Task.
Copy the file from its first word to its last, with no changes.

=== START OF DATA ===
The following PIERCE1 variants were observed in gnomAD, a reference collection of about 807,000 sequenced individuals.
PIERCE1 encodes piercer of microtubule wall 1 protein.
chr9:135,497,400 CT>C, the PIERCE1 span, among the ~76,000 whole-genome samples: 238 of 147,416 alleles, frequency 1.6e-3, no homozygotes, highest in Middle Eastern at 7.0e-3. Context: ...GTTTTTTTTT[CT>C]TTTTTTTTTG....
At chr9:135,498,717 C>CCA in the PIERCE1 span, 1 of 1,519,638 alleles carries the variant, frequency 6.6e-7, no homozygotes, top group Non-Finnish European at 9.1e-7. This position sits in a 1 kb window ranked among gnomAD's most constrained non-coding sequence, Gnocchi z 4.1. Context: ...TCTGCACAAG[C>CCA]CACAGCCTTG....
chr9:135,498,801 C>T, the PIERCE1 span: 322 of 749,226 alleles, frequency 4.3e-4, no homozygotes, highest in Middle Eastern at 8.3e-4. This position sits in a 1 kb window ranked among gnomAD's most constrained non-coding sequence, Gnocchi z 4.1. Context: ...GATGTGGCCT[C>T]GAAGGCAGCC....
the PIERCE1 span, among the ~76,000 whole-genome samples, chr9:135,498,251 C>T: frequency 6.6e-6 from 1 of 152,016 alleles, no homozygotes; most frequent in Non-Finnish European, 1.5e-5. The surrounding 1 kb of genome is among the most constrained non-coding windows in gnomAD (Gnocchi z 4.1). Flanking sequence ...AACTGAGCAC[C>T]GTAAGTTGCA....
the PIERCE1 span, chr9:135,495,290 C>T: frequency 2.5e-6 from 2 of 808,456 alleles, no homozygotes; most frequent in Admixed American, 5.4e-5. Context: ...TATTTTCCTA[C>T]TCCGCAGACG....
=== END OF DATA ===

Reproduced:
The following PIERCE1 variants were observed in gnomAD, a reference collection of about 807,000 sequenced individuals.
PIERCE1 encodes piercer of microtubule wall 1 protein.
chr9:135,497,400 CT>C, the PIERCE1 span, among the ~76,000 whole-genome samples: 238 of 147,416 alleles, frequency 1.6e-3, no homozygotes, highest in Middle Eastern at 7.0e-3. Context: ...GTTTTTTTTT[CT>C]TTTTTTTTTG....
At chr9:135,498,717 C>CCA in the PIERCE1 span, 1 of 1,519,638 alleles carries the variant, frequency 6.6e-7, no homozygotes, top group Non-Finnish European at 9.1e-7. This position sits in a 1 kb window ranked among gnomAD's most constrained non-coding sequence, Gnocchi z 4.1. Context: ...TCTGCACAAG[C>CCA]CACAGCCTTG....
chr9:135,498,801 C>T, the PIERCE1 span: 322 of 749,226 alleles, frequency 4.3e-4, no homozygotes, highest in Middle Eastern at 8.3e-4. This position sits in a 1 kb window ranked among gnomAD's most constrained non-coding sequence, Gnocchi z 4.1. Context: ...GATGTGGCCT[C>T]GAAGGCAGCC....
the PIERCE1 span, among the ~76,000 whole-genome samples, chr9:135,498,251 C>T: frequency 6.6e-6 from 1 of 152,016 alleles, no homozygotes; most frequent in Non-Finnish European, 1.5e-5. The surrounding 1 kb of genome is among the most constrained non-coding windows in gnomAD (Gnocchi z 4.1). Flanking sequence ...AACTGAGCAC[C>T]GTAAGTTGCA....
the PIERCE1 span, chr9:135,495,290 C>T: frequency 2.5e-6 from 2 of 808,456 alleles, no homozygotes; most frequent in Admixed American, 5.4e-5. Context: ...TATTTTCCTA[C>T]TCCGCAGACG....